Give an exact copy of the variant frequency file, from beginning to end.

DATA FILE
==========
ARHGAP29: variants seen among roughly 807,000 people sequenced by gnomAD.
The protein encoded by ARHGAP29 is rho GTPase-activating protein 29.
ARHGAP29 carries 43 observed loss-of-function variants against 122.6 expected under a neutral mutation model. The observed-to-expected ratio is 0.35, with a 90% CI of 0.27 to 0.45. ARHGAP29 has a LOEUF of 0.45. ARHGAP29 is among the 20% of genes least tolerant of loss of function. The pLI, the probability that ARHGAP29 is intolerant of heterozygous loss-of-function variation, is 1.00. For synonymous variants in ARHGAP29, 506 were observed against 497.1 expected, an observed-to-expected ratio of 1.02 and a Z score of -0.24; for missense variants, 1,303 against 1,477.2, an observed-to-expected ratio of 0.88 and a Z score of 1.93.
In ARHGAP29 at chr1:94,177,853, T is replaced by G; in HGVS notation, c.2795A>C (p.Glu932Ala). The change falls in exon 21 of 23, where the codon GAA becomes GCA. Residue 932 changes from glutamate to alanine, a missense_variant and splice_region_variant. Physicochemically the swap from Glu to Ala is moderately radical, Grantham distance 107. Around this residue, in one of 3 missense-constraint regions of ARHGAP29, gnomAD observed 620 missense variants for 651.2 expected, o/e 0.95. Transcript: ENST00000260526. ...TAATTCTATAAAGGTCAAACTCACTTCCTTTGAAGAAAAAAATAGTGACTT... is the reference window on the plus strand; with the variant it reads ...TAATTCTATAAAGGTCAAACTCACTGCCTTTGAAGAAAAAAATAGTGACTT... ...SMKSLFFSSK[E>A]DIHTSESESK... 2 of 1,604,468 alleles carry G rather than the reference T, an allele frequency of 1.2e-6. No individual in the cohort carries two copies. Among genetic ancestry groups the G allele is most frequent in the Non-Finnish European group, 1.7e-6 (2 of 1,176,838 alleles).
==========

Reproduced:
ARHGAP29: variants seen among roughly 807,000 people sequenced by gnomAD.
The protein encoded by ARHGAP29 is rho GTPase-activating protein 29.
ARHGAP29 carries 43 observed loss-of-function variants against 122.6 expected under a neutral mutation model. The observed-to-expected ratio is 0.35, with a 90% CI of 0.27 to 0.45. ARHGAP29 has a LOEUF of 0.45. ARHGAP29 is among the 20% of genes least tolerant of loss of function. The pLI, the probability that ARHGAP29 is intolerant of heterozygous loss-of-function variation, is 1.00. For synonymous variants in ARHGAP29, 506 were observed against 497.1 expected, an observed-to-expected ratio of 1.02 and a Z score of -0.24; for missense variants, 1,303 against 1,477.2, an observed-to-expected ratio of 0.88 and a Z score of 1.93.
In ARHGAP29 at chr1:94,177,853, T is replaced by G; in HGVS notation, c.2795A>C (p.Glu932Ala). The change falls in exon 21 of 23, where the codon GAA becomes GCA. Residue 932 changes from glutamate to alanine, a missense_variant and splice_region_variant. Physicochemically the swap from Glu to Ala is moderately radical, Grantham distance 107. Around this residue, in one of 3 missense-constraint regions of ARHGAP29, gnomAD observed 620 missense variants for 651.2 expected, o/e 0.95. Transcript: ENST00000260526. ...TAATTCTATAAAGGTCAAACTCACTTCCTTTGAAGAAAAAAATAGTGACTT... is the reference window on the plus strand; with the variant it reads ...TAATTCTATAAAGGTCAAACTCACTGCCTTTGAAGAAAAAAATAGTGACTT... ...SMKSLFFSSK[E>A]DIHTSESESK... 2 of 1,604,468 alleles carry G rather than the reference T, an allele frequency of 1.2e-6. No individual in the cohort carries two copies. Among genetic ancestry groups the G allele is most frequent in the Non-Finnish European group, 1.7e-6 (2 of 1,176,838 alleles).